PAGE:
5. Dose-Response Relationship Dose and Toxicity • Several systems have been established to index relative toxicity of substances to allow assessment of their potential to harm. • Most systems correlate dose of a toxin with harmful responses. • More in-depth approach: evaluating data from a cumulative frequency histogram of toxic responses over a range of doses • TD50– dose that would produce toxic response in 50% of pop. • If monitored response is death, the LD50 is dose that would predict 50% death in pop. • ED50– dose that would be effective (therapeutic) in 50% of pop. • Acute and Chronic Toxicity • Acute: a single, short-term exposure to a substance • Chronic: repeated, frequent exposure for extended periods

  6. Dose-Response Relationship (cont’d) • Comparison of responses of a therapeutic drug over a range of doses

  7. Analysis of Toxic Agents • Two-Step Procedure • 1. Screening test • A rapid, simple, qualitative procedure • Intended to detect specific substances or classes of toxicants • Has good analytic sensitivity but lacks specificity • 2. Confirmatory test • Used to confirm a positive result from screening test • Analytic Methods • Immunoassays (screening), thin-layer chromatography, gas chromatography, ICP-MS, atomic absorption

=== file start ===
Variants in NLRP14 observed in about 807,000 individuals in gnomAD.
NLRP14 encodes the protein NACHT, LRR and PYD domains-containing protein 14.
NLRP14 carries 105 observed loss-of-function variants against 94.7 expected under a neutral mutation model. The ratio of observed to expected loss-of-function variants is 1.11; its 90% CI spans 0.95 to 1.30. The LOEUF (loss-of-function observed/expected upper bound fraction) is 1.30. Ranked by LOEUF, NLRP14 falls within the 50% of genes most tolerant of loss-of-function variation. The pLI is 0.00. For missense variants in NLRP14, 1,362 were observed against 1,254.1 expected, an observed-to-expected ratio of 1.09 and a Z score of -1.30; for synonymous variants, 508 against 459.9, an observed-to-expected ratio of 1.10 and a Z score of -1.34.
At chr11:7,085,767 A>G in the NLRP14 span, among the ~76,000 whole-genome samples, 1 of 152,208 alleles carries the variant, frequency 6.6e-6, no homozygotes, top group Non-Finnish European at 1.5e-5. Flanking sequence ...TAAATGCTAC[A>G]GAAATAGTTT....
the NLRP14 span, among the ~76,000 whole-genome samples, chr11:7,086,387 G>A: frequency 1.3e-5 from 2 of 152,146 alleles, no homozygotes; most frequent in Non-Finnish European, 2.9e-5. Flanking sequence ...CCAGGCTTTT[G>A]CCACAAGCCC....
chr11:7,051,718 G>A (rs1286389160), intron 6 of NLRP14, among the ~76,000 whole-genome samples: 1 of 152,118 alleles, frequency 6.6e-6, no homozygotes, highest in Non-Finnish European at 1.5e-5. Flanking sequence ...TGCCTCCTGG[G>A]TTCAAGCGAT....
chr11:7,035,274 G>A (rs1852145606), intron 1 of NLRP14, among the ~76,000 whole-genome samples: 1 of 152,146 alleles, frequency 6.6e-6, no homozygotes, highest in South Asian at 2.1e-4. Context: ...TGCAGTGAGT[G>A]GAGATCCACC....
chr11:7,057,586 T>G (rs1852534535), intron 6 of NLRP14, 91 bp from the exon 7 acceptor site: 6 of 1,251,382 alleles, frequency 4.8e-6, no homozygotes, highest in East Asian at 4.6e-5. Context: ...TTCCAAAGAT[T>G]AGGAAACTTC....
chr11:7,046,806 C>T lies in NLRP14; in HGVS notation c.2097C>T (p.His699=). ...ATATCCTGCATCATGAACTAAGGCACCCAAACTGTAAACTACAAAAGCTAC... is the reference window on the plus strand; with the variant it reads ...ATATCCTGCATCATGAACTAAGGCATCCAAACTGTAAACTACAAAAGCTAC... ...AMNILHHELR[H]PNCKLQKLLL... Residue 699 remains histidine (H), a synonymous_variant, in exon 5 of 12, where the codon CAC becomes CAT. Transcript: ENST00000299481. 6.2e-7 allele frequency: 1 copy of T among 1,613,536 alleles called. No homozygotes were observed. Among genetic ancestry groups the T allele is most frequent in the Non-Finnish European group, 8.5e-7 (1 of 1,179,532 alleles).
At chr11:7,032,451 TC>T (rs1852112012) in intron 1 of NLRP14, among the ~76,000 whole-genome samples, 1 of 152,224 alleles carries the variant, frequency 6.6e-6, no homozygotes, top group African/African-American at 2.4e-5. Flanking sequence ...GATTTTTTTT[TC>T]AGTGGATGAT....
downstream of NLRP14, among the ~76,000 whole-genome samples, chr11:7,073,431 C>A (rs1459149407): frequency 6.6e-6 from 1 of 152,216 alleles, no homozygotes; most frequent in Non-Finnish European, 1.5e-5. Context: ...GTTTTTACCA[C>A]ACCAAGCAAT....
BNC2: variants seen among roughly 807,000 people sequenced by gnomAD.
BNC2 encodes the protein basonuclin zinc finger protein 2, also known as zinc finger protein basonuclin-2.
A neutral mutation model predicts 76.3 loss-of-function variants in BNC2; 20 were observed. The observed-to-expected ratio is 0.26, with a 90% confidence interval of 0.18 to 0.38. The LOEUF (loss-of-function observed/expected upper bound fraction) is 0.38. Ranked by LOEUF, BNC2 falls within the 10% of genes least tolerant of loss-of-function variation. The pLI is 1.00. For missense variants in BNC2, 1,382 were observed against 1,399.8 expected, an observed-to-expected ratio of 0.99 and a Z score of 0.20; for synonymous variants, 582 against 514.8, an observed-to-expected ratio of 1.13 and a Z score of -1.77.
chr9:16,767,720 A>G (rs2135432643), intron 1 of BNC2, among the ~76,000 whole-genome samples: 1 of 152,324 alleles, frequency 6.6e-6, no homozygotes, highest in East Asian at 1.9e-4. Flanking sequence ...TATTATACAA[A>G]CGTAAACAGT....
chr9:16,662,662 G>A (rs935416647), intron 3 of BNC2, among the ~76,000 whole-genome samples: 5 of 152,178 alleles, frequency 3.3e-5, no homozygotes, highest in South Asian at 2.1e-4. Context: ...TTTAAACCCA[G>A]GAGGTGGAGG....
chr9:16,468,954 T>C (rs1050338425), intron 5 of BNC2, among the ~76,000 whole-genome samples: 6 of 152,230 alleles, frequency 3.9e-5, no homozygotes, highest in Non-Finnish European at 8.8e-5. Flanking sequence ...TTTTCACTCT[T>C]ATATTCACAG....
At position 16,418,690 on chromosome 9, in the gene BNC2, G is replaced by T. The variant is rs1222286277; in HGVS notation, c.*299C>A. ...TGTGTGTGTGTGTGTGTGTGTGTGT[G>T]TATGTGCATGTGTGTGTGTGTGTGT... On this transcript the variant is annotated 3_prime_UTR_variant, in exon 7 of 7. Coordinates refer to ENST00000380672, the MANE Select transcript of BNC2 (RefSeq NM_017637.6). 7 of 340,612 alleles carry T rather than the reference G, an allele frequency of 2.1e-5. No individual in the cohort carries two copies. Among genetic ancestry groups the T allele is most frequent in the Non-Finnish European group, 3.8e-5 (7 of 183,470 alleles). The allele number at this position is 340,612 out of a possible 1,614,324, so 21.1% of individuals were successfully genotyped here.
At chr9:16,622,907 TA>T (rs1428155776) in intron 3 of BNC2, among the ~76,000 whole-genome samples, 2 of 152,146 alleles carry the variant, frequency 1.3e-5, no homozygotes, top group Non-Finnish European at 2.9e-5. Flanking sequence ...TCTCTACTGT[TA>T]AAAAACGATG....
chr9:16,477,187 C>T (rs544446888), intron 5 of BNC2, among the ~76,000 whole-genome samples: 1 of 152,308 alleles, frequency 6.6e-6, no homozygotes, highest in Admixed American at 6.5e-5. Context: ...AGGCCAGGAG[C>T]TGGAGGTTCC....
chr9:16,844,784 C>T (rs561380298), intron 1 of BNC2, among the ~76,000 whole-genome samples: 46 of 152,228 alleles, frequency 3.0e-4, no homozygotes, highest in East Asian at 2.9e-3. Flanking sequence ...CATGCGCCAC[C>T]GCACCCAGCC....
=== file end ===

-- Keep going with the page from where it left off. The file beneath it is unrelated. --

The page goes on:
8. Toxicology of Specific Agents • Alcohol • General toxic effects: disorientation, confusion, euphoria; progressing to unconsciousness, paralysis, & even death • Excessive ethanol (ETOH) exposure is leading cause of economic, social, and medical problems throughout the world. • Specific toxic effects • Ethanol - associated with abusive alcoholic consumption • Results in diminution of judgment & motor performance • Chronic consumption leads to alcoholic hepatitis, cirrhosis. • (Liver enzymes elevated usually first lab sign) but also impact hematologically (high MCV), and high serum HDL (specific for ethanol consumption). • Approximately ½ of the 40,000 to 50,000 auto fatalities per year in the US are alcohol related.